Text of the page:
This particular aircraft is a four-engine, long-range, strategic bomber that was developed by Russian aerospace and defense company JSC Tupolev Design Bureau. Considered a modernized version of the Tu-95 Bear strategic bomber and still younger than the U.S. Air Force’s B-52H, the aircraft is expected to remain in service with the Russian military through 2040.
The YouTube video, which was released on the Russian Ministry of Defense’s channel, “shows Tu-160 Blackjack and Tu-95MS strategic missile carriers, during the course of drills in which they practiced launched cruise missiles against ground targets on a range in the Arctic, and which were scheduled to end today,” thedrive.com writes.
The only weapons shown being used were the Bear’s tail guns but it was uncertain what targets were being engaged. There were no confirmed reports of any live cruise missile launches.
Several of the bombers in the video took off from an airfield in the Saratov region, located in southwest Russia, according to the Russian Ministry of Defense. They then flew—helped by aerial refueling—more than two thousand four hundred miles. The aircraft’s engines provide a maximum speed of more than five hundred miles per hour and a cruise speed of three hundred forty miles per hour.
“In addition, in the Irkutsk region, the crews of the Tu-95MS of the Amur Long-Range Aviation formation practiced firing from the tail aircraft cannons,” the ministry added.
“The official statement suggests that this particular Tu-95MS was from Ukrainka Air Base, in the Amur region in the Russian Far East. This is a major strategic aviation hub with almost forty individual revetments for three squadrons of Bear-Hs,” according to thedrive.com.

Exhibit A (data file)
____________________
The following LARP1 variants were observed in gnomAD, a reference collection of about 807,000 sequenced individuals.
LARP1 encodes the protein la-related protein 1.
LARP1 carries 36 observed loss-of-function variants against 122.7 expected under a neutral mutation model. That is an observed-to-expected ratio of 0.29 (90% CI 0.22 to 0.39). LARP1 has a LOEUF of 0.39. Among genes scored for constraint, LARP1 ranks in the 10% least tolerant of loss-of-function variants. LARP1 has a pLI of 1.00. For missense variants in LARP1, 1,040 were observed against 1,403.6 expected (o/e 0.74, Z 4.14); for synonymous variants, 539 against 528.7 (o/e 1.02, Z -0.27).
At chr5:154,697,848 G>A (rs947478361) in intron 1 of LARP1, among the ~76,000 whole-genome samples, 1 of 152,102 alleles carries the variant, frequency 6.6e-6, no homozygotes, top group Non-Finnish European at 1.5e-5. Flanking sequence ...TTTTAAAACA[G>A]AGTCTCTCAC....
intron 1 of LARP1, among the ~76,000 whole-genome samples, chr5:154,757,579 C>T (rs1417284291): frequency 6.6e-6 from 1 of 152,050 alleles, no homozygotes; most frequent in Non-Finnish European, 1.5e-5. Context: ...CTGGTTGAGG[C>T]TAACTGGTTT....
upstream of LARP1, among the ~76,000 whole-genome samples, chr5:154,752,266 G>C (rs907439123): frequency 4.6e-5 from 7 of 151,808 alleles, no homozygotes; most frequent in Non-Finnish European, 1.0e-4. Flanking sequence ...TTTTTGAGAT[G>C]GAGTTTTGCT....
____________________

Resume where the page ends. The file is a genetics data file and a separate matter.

A crew of seven can fly the Tu-95MS, but the tail gunner must make do with a separate rear compartment from which they control the 23mm cannons.
“The Tu-95MS seen in the video appears to be armed with the older AM-23 single-barrel guns, which were fitted in early Bear-H aircraft,” the site says. “Later aircraft were equipped with two twin-barrel 23mm GSh-23 cannons instead. The same GSh-23 defensive tail turrets are found on the Tu-22M3 Backfire-C bomber and the Il-76 Candid transport aircraft, too.”
In addition, during the Cold War era, “the tail gunner was often the crew member who saw the most of the various aircraft sent to intercept the Bear flights.”
During World War Two, tail gunners were considered the most vulnerable crewmembers on an aircraft. The life expectancy of these individuals lasted only about five sorties, according to some estimates.
Ethen Kim Lieser is a Minneapolis-based Science and Tech Editor who has held posts at Google, The Korea Herald, Lincoln Journal Star, AsianWeek, and Arirang TV. Follow or contact him on LinkedIn.